A camel and its calf take a rest during a quiet moment. © Tom Martin (martinundmartin.eu)

During droughts, food and water are scarce, animals become emaciated, give less milk, are more susceptible to disease and incur a higher mortality rate. As a result, thousands of cows, sheep and goats have fallen victim to droughts in Kenya in recent years.

The problem: without rain, no milk

Camels are very resistant and give milk even during droughts. © Tom Martin (martinundmartin.eu)

But droughts also weaken endangered people like nomad families enormously. In their role as caretakers women are particularly vulnerable because their animals’ milk makes up a large part of their children’s diet.

If there is milk available because of the animals suffering under a drought, the risk and rate of malnutrition in children rises rapidly. This can have serious or even fatal consequences for the children affected.

Empowered women thanks to camels

If one wants to survive in such inhospitable conditions, one must be adaptable. Camels, for example, are used to living in arid regions.

  • They are more resistant to drought than other animals because they do not depend on pasture land but eat leaves from trees such as acacias.
  • They also give milk for up to three weeks without drinking water. They are truly amazing animals!

Since women in their role as caretakers are particularly affected by droughts, VSF-Suisse distributes camels to women’s groups. With the additional milk they get from their camels they can then improve the nutritional situation of their children and increase their family’s income.

But droughts also weaken endangered people like nomad families enormously. In their role as caretakers women are particularly vulnerable because their animals’ milk makes up a large part of their children’s diet.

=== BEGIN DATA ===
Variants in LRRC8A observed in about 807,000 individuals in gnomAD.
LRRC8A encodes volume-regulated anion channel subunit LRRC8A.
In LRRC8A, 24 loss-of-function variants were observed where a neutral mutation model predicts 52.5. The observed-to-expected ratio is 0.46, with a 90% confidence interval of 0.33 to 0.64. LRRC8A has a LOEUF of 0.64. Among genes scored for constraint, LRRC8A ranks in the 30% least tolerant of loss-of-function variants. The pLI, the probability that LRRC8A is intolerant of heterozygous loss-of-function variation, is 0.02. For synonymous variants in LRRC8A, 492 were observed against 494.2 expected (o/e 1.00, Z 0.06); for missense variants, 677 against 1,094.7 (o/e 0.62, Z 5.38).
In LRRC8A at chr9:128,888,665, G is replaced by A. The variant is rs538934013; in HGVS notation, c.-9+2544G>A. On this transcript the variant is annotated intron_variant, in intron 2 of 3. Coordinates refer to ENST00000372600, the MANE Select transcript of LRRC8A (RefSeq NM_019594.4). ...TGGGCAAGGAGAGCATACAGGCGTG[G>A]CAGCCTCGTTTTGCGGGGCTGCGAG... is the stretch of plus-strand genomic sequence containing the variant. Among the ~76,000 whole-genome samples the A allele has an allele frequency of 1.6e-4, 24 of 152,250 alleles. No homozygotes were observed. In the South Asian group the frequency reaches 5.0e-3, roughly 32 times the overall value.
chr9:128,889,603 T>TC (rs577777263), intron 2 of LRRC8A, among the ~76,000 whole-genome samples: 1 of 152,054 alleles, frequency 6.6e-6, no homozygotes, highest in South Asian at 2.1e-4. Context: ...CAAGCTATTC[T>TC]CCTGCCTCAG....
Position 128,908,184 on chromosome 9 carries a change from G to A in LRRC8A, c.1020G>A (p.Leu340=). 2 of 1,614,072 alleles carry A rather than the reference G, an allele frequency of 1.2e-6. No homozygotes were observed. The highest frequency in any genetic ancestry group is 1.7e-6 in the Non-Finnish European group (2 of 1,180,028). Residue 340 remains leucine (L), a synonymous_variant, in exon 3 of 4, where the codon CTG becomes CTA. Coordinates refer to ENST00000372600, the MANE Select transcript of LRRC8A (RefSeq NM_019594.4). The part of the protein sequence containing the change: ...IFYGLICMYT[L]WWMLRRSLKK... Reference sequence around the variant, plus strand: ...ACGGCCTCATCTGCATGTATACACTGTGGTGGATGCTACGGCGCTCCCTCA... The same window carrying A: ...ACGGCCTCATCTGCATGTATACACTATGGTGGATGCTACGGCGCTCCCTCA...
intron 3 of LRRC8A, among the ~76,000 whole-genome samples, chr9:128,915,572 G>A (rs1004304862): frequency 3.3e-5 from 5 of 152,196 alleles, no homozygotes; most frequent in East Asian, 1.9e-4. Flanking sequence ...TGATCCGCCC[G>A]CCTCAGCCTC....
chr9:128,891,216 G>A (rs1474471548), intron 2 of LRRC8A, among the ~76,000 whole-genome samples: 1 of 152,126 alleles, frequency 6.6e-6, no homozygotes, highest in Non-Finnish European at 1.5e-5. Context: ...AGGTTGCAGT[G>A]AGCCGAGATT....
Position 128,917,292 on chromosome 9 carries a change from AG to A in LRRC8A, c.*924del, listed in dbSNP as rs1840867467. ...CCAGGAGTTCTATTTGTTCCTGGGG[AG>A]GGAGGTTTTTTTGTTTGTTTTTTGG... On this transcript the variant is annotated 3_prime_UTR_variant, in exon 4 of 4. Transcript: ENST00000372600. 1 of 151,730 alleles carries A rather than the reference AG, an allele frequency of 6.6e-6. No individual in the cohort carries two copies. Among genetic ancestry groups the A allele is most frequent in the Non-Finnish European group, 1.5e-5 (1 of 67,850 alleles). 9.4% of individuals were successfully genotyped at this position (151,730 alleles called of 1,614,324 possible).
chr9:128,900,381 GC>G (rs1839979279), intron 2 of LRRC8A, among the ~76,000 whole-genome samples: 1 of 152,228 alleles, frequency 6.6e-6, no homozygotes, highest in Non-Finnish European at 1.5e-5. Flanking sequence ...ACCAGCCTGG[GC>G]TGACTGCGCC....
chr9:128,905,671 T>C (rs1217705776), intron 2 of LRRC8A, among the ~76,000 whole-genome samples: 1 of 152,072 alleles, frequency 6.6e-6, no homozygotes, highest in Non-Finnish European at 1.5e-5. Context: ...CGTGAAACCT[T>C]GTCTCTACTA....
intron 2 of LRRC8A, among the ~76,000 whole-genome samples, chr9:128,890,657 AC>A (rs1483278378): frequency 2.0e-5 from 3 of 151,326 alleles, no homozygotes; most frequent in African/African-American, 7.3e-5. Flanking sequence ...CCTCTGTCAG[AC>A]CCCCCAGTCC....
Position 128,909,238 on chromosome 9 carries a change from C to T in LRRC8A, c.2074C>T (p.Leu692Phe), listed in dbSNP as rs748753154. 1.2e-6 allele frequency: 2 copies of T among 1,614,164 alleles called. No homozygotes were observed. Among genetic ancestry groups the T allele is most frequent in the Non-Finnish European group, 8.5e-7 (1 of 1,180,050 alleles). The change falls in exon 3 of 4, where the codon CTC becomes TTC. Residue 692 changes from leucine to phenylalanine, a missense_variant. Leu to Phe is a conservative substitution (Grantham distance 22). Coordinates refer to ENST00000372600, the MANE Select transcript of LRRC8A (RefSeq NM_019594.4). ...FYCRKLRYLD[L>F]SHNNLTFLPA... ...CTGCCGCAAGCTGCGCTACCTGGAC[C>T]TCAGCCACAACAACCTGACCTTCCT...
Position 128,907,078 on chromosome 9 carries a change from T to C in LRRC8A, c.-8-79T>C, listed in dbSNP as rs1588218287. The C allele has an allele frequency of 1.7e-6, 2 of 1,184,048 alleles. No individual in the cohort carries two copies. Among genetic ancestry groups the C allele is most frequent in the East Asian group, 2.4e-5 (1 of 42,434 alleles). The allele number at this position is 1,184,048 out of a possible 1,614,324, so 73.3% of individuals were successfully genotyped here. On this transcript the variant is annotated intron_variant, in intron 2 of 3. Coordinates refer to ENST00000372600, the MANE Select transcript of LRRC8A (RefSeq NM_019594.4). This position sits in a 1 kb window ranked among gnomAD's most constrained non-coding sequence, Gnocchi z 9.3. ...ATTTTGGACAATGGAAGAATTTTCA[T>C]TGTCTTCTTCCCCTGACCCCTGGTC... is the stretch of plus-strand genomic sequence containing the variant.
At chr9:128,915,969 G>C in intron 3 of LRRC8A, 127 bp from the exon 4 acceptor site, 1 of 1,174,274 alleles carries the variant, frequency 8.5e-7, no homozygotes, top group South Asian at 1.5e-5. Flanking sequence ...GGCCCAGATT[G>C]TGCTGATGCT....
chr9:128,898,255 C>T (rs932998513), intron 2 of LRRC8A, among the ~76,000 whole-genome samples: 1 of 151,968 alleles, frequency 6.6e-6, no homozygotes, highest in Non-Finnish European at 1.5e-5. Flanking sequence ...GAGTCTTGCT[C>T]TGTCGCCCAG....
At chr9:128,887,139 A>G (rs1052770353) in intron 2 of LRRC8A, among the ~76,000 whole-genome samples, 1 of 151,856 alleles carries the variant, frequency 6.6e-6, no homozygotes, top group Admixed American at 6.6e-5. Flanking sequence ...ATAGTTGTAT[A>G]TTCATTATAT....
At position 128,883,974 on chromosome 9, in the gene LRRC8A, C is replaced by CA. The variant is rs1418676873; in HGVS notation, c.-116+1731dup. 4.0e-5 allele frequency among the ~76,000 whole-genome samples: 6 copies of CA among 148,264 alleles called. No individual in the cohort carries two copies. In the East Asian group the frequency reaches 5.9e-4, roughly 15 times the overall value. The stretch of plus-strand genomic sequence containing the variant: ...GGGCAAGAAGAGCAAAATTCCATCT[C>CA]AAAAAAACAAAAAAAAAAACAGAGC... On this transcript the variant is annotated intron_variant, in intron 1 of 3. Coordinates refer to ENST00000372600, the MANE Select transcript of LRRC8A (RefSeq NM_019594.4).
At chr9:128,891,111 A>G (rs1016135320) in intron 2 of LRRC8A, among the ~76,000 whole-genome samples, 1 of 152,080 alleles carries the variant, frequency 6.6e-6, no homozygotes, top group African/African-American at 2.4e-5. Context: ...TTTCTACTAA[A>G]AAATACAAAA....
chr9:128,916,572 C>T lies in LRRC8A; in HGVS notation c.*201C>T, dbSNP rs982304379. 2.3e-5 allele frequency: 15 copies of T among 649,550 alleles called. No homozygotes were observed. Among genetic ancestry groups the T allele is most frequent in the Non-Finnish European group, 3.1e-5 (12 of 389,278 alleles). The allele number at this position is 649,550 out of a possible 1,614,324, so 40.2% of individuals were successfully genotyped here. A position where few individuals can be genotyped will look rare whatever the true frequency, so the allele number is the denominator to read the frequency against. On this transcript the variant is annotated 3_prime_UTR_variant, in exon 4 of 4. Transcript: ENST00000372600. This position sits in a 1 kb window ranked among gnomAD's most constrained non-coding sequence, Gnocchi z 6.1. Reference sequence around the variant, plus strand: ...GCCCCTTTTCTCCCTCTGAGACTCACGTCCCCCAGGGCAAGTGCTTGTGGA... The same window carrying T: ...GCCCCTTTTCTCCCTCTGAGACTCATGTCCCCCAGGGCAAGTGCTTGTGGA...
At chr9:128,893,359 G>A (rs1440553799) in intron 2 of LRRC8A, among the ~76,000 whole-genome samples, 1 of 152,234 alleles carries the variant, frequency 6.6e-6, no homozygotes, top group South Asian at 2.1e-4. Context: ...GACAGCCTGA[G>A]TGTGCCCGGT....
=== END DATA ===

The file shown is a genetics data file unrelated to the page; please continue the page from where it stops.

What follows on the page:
If there is milk available because of the animals suffering under a drought, the risk and rate of malnutrition in children rises rapidly. This can have serious or even fatal consequences for the children affected.

Portrait: The Wabera Women’s Group

One of the groups we support is the Wabera Women’s Group. The women of this group do not only benefit from our project economically but are also connected to women from other groups. Somali and Meru women for example, have lived in neighbouring communities for a long time, but because there was no regular exchange between the two, they could not benefit from each other’s knowledge or experience.

This was to change when we started our camel project which
brought the two together.
eru women did not have any knowledge about camel husbandry, but with the help of VSF-Suisse, their new Somali colleagues introduced them to the art of camel breeding and milk production. . The group of 18 people received 18 camels, of which 9 had offspring and 15 were already pregnant again. What a blessing!

images: (1) ©Peter-Lüthi-Biovision (2) (3) ©Tom Martin (4) © Peter-Lüthi-Biovision

The project not only brings camel milk to the women, but also creates the opportunity for sustainable expansion of the herds. This has brought success and prestige to the Wabera Women’s Group! The Wabera Group is now better prepared for the next drought.

Thanks to the introduction and improvements in camel husbandry, Somali and Meru women can adapt sustainably to the strong climatic changes in Kenya.

Would you like to know more about the project? You can find the project description on our website ahttp://vsf-suisse.org/vsf/web/de/index.asp?QString=270,0,181,0,0,0&View=Detail

Two children with thier sheep in Kenya.
© Tom Martin (martinundmartin.eu)